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Waking up is simply a transformation into another dream. Even in the dark I can make out fuzzy outlines of familiar things in the room: the poster with cats, the wooden chair, the nightstand and the clock on it, all shaking back and forth with the jitter in my eyes.

Through the hazy lines pain seeps into my consciousness. My shins are bursting with a dull throbbing feeling, which turns into a searing ache as it approaches the knee. The knees, like every joint in my body, are being rubbed with caustics. As you go higher, the legs, especially the right one, have a deep gnawing inside of them, occasionally like squirming maggots but recently more like rats, or perhaps boars.

My arms, shoulders and upper back are being pounded with incessant piano hammers that occasionally hit the perfect key to sear a nerve. My stomach is filled with boiling liquid, which I guess is needed to power the steamroller that keeps flattening my head. Even my eyes and mouth are smoldering like hot coals. My hands are clamped into deformed claws, withered flowerbuds of flesh.

I am waiting for the door to open, for a woman to come in. Yesterday it was the one with the gentle steps, so today it will be the one who hates me. She will wipe the drool off my cheeks and even though she does not speak, she will make a little sneering whiff in disgust. She should be elated that today she does not have to clean any vomit.

I need to urinate, which means she will have to push my bladder as I lie flat on my back. I am lucky that this morning I do not have to defecate and have someone wipe me. Then I will be washed with sponges, which feels as if someone is tearing wounds into me. I am holding out hope she will not shave me, but she probably will.

In my previous life I had to wake up early every morning. My wife would sleep in late, but I loved mornings, particularly the rosy morning sunlight. My favorite times of the year were in the spring and fall, when I could watch sunset while driving to work. I have no idea what month it is now. There are no seasons, no different times of the day. Darkness and pain know no variation or color.

Today I will be wearing my sunglasses to shield the world from having the slightest contact with me. Even the smallest glimpse of light would burn my eyes and blind me. I will have to endure people touching me to move me from my bed, sending jolts of agony throughout my body as they move me like a rigid puppet.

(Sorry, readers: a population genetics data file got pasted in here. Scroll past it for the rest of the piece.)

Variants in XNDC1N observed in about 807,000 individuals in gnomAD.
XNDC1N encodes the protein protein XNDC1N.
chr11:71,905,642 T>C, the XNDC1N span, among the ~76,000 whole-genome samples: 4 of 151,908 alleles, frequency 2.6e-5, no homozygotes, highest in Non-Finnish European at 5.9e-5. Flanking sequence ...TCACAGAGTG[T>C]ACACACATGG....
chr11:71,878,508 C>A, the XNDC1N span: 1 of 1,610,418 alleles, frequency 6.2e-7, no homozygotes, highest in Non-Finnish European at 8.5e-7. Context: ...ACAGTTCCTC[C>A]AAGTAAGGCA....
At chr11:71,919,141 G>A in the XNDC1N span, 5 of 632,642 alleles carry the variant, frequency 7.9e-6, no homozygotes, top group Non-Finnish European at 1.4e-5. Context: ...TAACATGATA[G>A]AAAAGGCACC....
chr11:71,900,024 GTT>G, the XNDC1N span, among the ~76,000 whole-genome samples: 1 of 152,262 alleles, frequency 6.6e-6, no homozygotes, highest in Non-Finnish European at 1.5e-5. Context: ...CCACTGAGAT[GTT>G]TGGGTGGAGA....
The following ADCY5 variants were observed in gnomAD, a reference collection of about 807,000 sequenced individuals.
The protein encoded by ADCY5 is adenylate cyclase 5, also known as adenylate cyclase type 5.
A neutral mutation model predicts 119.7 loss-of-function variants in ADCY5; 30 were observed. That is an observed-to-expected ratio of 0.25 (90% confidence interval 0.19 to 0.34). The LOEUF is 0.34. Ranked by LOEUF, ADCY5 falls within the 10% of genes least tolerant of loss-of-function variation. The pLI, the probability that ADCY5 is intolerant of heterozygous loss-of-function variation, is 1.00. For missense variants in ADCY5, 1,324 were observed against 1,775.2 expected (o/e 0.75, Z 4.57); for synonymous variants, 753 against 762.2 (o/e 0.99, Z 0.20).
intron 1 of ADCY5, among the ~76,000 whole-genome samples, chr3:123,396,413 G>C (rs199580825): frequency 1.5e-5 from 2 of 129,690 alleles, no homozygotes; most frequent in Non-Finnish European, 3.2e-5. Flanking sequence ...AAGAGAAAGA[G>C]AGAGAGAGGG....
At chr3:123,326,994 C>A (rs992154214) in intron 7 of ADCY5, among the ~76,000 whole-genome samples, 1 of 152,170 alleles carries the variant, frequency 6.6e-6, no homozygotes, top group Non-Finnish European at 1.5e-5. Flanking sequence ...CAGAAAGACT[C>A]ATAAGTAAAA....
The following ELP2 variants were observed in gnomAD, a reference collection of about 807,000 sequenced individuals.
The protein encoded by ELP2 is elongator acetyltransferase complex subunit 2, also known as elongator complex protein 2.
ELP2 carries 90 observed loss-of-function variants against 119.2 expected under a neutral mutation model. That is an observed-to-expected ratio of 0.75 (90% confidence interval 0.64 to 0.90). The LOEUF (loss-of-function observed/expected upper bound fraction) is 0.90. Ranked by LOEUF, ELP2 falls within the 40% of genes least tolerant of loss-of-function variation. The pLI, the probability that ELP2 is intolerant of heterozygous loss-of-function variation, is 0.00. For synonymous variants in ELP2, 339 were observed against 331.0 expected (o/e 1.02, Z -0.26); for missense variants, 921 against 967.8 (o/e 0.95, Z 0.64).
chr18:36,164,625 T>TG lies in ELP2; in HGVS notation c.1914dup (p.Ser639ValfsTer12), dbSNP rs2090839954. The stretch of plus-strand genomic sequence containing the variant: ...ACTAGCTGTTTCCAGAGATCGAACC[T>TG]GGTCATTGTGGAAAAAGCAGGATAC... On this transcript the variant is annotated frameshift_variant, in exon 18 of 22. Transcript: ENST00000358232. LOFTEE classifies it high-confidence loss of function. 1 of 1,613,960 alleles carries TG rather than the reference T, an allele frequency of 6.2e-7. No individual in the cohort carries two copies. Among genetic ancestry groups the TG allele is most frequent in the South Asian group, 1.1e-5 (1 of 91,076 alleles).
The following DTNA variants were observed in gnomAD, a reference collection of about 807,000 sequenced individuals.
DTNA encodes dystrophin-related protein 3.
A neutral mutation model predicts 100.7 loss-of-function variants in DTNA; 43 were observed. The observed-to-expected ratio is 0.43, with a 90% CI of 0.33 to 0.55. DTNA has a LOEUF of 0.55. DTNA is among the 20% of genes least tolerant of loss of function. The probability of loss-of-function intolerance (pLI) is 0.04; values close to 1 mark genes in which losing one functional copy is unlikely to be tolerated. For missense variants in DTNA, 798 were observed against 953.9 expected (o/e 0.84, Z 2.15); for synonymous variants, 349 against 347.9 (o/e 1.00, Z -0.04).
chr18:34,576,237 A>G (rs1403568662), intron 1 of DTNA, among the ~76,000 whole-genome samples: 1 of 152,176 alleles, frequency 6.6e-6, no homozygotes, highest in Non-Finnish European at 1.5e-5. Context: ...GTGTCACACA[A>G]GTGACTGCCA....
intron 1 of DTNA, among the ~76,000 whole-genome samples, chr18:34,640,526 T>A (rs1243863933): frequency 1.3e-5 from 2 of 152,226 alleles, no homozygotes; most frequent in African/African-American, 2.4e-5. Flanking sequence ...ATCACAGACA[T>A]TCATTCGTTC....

I will be taken from my home and exhibited as a specimen. Some of the audience will find me scary, others may be fascinated, but you can trust on them all showing contempt and pity. They do not see a human being in front of them.

I cannot form words, I cannot make a sound aside from the faintest of grunts. Some shreds of consciousness remain, yet even those are fuzzy and dim as the outlines in my room. The body is not what holds me as a prisoner, it is the consciousness, and when it finally goes out, that moment I will be free.
Just in time for Halloween, my first horror(?) story.

About a decade ago I read most books by Stephen King (except for his non-horror ones, which I found terribly dull), but this is the first time I tried my hand at writing horror. I figured that many people with CFS/ME and other similar illnesses live lives that are far more nightmarish than zombies, vampires or werewolves could ever be.

Clearly it wasn't an easy task, as it took me over a year to finish this story, despite reading several guides, tips, tutorials etc to writing horror. Still I'm not 100% sure if this is horror or just macabre/dark/whatever.

Just to put the minds of people who think all fiction is autobiographical (I've had my fair share of them...), this isn't. My illness has luckily never been nearly this severe, but I know people whose lives are very similar to this.
:iconshurakai-zero:
Shurakai-Zero Featured By Owner Nov 3, 2010
It wouldn’t register for most people as horror in the classical sense, but there’s a certain creeping dread that comes from the sense of realism you’ve managed to inject into this. What makes it scary for me is its plausibility.
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:icondiamondie:
diamondie Featured By Owner Nov 6, 2010  Professional Writer
Thanks. That was what I was aiming for, especially since I found a very insightful forum thread with writers discussing what makes horror horrifying, and several folks said that things that can really happen are far scarier than the slimy blob/bugbear/werewolf kind. Plausibility and invocation of different senses were considered two important factors and that's where I aimed, trying to keep a balance between realism and not being too gross (e.g. on the olfactory front).
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